“Under the Russian empire and later the Union of Soviet Socialist Republics (USSR), Russification was actively used as a tool to extinguish each constituent country’s national identity, culture, and language. In light of Russia’s war of aggression against Ukraine, including its illegal occupation of Crimea, we are once again experiencing Russification as a tactic that attempts to destabilize and delegitimize our country. You will appreciate, we hope, how the use of Soviet-era placenames – rooted in the Russian language – is especially painful and unacceptable to the people of Ukraine,” wrote The Ministry of Foreign Affairs in 2019.
With time this thesis has become even more relevant. The residents of Kharkiv choose to be Ukrainians every day, and every day they fight for the right to be who they are. They stand for their city to remain “Kharkiv”, not “Kharkov”. Kharkiv, which means a free, strong, glorious, Ukrainian city. An independent subject of international relations, not an object of the colonizer`s view. And it’s essential to respect and support this right, starting with the correct spelling of the city`s name.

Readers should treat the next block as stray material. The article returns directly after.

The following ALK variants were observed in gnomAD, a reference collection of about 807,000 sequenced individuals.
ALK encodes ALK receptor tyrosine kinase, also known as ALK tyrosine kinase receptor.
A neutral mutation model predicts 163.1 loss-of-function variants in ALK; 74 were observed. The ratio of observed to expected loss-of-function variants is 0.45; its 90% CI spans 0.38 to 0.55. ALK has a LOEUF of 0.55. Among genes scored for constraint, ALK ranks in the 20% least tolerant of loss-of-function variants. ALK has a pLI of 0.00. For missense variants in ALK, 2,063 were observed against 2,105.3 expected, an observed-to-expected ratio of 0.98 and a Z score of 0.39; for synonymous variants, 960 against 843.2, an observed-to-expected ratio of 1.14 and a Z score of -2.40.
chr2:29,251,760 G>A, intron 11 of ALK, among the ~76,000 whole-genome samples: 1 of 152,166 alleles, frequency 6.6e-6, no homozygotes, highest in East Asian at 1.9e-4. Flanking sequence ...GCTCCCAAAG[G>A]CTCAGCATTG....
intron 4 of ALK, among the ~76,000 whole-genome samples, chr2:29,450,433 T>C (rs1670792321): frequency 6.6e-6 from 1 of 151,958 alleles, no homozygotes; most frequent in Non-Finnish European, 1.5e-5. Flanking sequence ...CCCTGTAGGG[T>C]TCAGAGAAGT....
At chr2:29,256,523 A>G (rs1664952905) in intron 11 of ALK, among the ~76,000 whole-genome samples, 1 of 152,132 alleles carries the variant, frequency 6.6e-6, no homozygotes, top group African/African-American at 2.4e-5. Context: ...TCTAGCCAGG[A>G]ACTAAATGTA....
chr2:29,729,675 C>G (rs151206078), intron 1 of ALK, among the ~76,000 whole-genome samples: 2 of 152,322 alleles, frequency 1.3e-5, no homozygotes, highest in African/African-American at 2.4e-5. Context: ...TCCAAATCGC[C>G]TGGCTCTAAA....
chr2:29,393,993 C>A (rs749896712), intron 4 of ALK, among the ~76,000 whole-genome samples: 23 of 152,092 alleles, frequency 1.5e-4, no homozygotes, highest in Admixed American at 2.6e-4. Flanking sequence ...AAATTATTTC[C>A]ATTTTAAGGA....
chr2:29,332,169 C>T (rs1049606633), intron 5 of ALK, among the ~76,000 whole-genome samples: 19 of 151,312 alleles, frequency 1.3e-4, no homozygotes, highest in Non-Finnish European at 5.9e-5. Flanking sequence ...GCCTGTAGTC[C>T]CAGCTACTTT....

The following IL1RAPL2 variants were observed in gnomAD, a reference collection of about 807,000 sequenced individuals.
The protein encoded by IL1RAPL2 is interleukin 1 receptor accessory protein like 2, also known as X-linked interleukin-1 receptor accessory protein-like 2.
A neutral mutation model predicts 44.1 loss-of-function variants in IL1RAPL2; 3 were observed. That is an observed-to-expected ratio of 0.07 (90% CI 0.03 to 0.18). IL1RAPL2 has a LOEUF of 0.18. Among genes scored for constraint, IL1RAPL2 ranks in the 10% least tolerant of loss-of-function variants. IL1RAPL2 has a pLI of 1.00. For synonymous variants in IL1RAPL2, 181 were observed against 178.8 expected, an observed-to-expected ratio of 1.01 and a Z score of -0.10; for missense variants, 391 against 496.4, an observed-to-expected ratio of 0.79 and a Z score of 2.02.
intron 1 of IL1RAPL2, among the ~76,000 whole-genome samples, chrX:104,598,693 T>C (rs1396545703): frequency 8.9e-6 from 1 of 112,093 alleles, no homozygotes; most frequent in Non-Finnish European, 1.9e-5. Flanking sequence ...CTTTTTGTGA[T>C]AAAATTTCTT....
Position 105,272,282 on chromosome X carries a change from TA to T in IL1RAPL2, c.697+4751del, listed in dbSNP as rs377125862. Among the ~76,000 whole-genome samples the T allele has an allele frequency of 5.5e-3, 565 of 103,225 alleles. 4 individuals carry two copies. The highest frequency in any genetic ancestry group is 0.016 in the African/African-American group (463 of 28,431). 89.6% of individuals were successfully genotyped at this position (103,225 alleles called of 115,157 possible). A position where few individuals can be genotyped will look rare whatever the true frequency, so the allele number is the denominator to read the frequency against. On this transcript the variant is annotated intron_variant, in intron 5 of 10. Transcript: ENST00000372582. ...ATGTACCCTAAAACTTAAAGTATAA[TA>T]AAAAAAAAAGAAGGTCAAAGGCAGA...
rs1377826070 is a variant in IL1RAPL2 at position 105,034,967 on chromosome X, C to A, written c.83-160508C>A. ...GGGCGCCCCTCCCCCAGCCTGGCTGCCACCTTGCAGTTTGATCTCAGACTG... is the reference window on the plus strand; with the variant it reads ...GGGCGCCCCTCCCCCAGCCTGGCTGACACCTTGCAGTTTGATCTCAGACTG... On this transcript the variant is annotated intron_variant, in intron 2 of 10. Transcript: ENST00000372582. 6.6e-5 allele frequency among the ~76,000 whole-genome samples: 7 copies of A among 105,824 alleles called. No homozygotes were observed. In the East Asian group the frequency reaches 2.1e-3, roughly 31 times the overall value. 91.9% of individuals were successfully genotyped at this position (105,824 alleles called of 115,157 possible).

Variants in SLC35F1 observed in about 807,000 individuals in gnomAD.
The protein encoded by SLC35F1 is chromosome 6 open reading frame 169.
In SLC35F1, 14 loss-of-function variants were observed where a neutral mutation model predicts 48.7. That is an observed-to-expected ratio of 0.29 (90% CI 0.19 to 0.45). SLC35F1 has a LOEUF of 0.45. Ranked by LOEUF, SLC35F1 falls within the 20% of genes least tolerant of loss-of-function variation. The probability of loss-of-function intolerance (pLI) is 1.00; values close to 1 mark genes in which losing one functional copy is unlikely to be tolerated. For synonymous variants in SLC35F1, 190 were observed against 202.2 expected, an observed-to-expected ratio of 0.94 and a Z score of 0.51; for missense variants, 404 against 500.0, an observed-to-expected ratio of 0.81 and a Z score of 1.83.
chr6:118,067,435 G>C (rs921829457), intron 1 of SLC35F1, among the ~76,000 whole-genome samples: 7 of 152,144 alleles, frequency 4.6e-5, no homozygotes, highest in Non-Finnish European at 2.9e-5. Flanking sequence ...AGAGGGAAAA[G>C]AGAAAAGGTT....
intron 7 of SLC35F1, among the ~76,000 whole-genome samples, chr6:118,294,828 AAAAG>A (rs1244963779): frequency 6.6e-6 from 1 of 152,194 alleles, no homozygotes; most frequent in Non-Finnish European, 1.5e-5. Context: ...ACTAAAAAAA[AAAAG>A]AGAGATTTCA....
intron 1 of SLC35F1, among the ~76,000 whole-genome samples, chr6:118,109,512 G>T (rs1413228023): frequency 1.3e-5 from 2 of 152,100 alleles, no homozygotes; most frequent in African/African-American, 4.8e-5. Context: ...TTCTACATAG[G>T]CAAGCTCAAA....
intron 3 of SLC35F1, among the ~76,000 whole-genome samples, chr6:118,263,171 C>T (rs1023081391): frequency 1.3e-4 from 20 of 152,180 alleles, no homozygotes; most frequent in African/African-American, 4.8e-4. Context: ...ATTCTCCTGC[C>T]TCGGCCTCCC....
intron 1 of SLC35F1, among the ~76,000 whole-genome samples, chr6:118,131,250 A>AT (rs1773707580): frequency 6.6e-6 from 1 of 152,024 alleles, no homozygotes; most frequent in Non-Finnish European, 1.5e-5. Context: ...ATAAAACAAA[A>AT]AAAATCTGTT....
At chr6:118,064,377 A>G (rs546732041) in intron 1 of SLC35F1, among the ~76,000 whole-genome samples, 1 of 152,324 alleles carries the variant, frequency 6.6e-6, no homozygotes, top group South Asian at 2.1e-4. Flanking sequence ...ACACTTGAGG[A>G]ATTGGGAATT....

This material was developed by Gwara Media as part of the IWPR program “Supporting regional media of Ukraine during the war” with the support of the European Union, the Ministry of Foreign Affairs of Norway, and the Ministry of Foreign Affairs of Great Britain.
The content of the material is the sole responsibility of Gwara Media. It does not reflect the views of the European Union, the Ministry of Foreign Affairs of the Kingdom of Norway, the United Kingdom Government or the Institute for War and Peace Reporting.